Plot summary: A US naval warship is secretly being tested for deployment which is actually a ruse to prevent the crew from finding out about the true nature of their mission. They’re carrying two secretive Centers for Disease Control and Prevention scientists who are working on a cure for an airborne virus that had only affected a handful of African villages, but after four months at sea it’s wiped out 80% of the world’s population including the United States government. It has a 0% survival rate and is highly contagious. All governments have ceased to be and the crew of the warship are on their own.
Kinda makes you think of the Ebola crisis, doesn’t it?
And World War Z.
The Plague by Albert Camus
Human beings tend to cling to convenient obliviousness – ‘I haven’t seen it, so it can’t really exist!’ – in spite of embarrassing, burgeoning bodies of evidence to the contrary. In order for this comfortable bliss of ignorance to be maintained, it follows that any flagging up of the problem will be met with denial: so naturally you get accusations of lying, or exaggeration. These aren’t always intentionally unkind – I think they’re often motivated by a horrified inability to accept the severity of the problem as by a deliberate attempt at dismissal. – Laura Bates, Everyday Sexism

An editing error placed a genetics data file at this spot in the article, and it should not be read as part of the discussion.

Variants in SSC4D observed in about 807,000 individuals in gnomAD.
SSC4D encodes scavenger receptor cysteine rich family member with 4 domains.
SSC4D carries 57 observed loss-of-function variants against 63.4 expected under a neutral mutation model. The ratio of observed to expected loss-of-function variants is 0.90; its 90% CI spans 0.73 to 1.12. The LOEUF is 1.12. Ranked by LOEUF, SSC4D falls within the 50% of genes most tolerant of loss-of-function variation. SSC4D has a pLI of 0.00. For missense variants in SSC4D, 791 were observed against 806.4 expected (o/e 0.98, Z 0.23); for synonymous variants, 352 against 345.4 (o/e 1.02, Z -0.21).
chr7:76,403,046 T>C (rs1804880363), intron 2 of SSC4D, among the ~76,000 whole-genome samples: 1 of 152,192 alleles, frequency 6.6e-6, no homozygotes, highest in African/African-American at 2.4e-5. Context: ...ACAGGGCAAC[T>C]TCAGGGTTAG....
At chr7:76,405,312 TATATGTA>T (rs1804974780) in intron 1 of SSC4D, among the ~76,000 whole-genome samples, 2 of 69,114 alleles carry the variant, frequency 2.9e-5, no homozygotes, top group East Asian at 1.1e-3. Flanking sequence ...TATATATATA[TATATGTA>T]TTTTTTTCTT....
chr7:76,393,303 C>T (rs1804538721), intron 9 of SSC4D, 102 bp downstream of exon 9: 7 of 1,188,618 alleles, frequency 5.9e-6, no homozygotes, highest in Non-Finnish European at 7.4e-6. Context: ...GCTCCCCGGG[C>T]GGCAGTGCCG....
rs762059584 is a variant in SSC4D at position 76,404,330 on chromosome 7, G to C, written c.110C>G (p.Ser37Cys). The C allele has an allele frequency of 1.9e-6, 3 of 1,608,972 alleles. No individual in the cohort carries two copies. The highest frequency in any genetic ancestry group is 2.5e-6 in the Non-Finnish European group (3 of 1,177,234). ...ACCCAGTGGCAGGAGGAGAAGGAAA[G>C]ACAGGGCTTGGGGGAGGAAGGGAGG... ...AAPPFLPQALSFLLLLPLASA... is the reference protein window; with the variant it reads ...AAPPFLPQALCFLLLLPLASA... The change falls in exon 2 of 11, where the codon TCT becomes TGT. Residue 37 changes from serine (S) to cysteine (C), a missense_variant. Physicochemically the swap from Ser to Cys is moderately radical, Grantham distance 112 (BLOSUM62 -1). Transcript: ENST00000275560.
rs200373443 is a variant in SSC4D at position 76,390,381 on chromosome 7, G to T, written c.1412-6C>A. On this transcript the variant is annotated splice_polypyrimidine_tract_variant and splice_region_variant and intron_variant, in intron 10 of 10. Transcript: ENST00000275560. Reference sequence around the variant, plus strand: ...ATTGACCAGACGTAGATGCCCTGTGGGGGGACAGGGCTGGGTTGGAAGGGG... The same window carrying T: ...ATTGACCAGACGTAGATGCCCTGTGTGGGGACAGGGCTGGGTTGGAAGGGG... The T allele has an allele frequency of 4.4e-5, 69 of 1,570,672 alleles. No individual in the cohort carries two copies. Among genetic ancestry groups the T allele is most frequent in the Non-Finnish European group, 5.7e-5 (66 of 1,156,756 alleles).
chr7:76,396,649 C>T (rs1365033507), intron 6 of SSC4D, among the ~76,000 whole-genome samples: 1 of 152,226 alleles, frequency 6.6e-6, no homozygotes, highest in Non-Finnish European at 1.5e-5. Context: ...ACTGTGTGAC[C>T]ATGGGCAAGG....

This quote explains perfectly the ignoring of all the warning signs in The Plague, especially by Dr. Rieux and his colleagues. A stampeding immigration of thousands of infected, dying rats doesn’t raise an alarm, really?!
I’m Starved for You (Positron #1) by Margaret Atwood
Men fucking chickens. How…? Why…? [You can thank me for the mental image later. Or better yet, type that sucker into Google and go blind.]
You’re voluntarily imprisoned every other month in exchange for jobs, shelter and a full stomach, but you can’t wait 4 weeks for sex? And you’d choose a live chicken before another man?
I’d rather have gay sex than be guilty of bestiality. Those poor chickens.
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Review: Magic Rises (Kate Daniels, #6) by Ilona Andrews